Witt: Getting ahead of phone spoofers
Published 8:48 am Tuesday, December 19, 2017
There’s a new tool available to telemarketers, one which has probably been noticed by nearly everyone in Clark County.
It’s called spoofing and the most apparent manifestation of it is when someone receives a phone call which displays a caller ID number which turns out to be fallacious.
Undoubtedly many people utilize caller ID to screen telemarketer calls which originate in some area code which is completely unfamiliar to the person being called.
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Most people know almost instantly when a number is bogus, not recognizing the area code which is being displayed.
But now telemarketers have found a way around this. They are able to transmit display information which suggests that the call is coming from a familiar area code. For instance, many people here have probably received a call showing 859-744-etc. thinking that it is someone local, only to discover on answering that it is simply another telemarketer calling from…who knows where.
Spoofing of this sort is illegal. According to the Truth in Caller ID Act, FCC rules prohibit any person or entity from transmitting misleading or inaccurate caller ID information with the intent to defraud, cause harm or wrongly obtain something of value.
Additionally, federal rules require telemarketers to transmit or display their true phone number and to display a phone number which can be called during regular business hours.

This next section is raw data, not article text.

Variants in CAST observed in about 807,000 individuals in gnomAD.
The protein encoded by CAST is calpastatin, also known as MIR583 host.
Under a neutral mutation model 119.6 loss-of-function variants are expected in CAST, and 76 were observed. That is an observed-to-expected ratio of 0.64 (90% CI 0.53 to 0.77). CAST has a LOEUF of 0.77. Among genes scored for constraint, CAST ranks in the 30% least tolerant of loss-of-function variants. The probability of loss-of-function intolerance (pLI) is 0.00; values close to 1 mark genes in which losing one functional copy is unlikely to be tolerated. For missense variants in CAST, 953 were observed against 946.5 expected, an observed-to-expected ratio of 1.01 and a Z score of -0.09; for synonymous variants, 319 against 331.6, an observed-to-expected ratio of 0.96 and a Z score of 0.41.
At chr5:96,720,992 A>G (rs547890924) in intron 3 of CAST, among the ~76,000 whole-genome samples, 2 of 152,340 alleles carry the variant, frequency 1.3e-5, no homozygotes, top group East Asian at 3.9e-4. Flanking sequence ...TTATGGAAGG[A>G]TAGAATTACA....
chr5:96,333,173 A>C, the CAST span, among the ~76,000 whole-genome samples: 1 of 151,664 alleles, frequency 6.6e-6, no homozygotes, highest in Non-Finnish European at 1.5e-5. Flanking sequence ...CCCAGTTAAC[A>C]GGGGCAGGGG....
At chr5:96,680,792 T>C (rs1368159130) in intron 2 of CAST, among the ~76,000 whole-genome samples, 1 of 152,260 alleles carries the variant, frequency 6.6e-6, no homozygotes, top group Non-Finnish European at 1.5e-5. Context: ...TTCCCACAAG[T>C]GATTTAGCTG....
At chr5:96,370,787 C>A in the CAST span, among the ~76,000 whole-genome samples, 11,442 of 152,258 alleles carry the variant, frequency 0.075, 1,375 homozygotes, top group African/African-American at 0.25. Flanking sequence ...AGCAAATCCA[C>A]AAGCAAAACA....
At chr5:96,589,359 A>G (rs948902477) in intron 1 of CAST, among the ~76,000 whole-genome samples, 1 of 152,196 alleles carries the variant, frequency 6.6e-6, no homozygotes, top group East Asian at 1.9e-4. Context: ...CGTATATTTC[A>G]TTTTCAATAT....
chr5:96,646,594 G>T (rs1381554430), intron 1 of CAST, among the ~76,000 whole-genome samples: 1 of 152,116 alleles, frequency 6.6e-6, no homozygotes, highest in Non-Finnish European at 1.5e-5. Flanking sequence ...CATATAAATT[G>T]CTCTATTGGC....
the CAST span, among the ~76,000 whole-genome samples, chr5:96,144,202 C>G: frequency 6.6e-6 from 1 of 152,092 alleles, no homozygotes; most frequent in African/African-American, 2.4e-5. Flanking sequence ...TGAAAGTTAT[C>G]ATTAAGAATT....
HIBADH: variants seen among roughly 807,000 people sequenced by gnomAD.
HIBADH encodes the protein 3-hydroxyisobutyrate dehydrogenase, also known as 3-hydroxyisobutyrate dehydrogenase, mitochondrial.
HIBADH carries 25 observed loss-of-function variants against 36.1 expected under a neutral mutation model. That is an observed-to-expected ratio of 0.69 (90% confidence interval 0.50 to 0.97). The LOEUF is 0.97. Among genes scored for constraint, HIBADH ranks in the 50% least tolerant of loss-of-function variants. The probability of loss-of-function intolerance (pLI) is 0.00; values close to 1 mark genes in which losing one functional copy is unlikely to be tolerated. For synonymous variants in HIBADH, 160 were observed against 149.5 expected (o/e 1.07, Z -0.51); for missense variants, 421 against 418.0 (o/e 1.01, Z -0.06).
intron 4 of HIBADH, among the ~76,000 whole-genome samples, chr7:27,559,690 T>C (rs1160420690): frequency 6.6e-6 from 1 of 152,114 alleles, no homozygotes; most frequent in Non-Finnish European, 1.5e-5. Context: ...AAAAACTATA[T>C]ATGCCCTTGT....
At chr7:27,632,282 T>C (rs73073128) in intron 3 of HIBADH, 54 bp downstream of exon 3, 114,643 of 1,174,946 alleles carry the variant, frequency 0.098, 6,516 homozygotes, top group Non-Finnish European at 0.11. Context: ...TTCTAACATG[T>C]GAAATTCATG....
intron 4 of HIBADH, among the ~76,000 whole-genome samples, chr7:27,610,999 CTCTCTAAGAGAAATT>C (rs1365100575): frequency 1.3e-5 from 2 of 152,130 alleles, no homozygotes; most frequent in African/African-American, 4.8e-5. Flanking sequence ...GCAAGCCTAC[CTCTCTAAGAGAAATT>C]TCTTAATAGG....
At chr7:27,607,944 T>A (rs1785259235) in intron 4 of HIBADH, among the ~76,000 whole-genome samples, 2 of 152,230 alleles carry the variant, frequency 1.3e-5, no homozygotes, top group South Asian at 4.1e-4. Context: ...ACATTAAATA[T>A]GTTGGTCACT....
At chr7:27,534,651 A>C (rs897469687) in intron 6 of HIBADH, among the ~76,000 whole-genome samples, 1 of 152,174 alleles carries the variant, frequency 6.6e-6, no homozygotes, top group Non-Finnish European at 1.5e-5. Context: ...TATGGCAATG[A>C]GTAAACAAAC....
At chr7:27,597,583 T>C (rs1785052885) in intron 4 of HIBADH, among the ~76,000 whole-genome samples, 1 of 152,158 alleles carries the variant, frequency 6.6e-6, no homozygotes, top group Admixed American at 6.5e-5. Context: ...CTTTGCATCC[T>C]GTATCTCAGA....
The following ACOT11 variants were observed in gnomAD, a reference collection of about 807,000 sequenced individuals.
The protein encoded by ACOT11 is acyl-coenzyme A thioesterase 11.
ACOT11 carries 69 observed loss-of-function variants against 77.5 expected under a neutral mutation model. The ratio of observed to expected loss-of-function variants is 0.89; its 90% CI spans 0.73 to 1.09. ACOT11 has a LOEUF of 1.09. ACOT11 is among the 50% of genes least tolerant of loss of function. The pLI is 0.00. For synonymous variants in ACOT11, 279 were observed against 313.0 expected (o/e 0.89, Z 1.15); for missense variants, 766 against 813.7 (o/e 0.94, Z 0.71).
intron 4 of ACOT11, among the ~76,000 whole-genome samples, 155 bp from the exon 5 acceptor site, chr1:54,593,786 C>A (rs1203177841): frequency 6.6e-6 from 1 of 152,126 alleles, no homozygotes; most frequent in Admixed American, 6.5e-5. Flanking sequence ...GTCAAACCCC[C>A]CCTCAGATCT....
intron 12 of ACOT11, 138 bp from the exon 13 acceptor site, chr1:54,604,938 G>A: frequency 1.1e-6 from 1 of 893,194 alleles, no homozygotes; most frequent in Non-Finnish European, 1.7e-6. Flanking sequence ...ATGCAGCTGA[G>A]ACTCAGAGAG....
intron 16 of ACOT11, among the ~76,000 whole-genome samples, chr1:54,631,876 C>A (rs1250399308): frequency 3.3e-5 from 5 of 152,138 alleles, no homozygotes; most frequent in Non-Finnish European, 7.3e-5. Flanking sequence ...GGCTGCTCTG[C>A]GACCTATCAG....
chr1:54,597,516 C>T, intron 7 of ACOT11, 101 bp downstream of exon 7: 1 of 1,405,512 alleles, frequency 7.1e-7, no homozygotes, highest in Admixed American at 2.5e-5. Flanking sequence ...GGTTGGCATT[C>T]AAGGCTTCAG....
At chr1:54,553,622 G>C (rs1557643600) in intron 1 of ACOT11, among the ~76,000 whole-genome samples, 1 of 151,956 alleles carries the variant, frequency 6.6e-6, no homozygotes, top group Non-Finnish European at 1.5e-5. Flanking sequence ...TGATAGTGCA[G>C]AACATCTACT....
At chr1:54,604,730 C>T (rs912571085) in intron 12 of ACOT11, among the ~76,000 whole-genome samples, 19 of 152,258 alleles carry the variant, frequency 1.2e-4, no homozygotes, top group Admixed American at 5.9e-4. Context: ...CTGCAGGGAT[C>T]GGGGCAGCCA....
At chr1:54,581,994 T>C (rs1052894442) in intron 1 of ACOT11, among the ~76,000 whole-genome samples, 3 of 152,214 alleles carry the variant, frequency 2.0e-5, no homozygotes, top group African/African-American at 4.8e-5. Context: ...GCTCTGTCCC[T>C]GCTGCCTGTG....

It would seem the mere act of transmitting an erroneous phone number is a violation of the law, because the number being displayed is not a true number and calling the displayed number will not connect with the person or entity originating the call.
Further, displaying a fraudulent phone number is an obvious act to defraud.
Complaints about spoofing can be filed with the FCC, most easily online, and such complaints should be made as often as necessary. Unfortunately, it may be impossible to trace where the call is coming from.
Another option might be to take the call, participate in a conversation with the caller (assuming it is a human and not a robot) in order to find out information about them so as to make an effective complaint.
Many phones, either landline or mobile, now come with caller blocking features, a good measure to dispense with telemarketer calls. Spoofing is a new wrinkle designed to skirt this defense since many will be reluctant to block a local number, even if it is bogus.
In August, the FCC proposed a fine of $82 million against an individual who allegedly made more than 21 million spoofed robocalls and a $120 million fine against another perpetrator.
Right now, it would appear the best way to overcome this tactic will be for the telephone companies to develop technology (if they haven’t already done so) which will prevent any person or entity from making a call utilizing a false number.
After all, the telephone companies have proven their expertise many times in the past for developing technology to meet current demands and trends. If you don’t believe that, just look closely at your next phone bill; you’ll see just how innovative the phone companies can be.
In the meantime, don’t give out personal information to callers you don’t personally know and remember, if the call comes while you’re having dinner, it’s probably from a telemarketer, no matter the number which is showing on caller ID.
Chuck Witt is a retired architect and a lifelong resident of Winchester. He can be reached at firstname.lastname@example.org.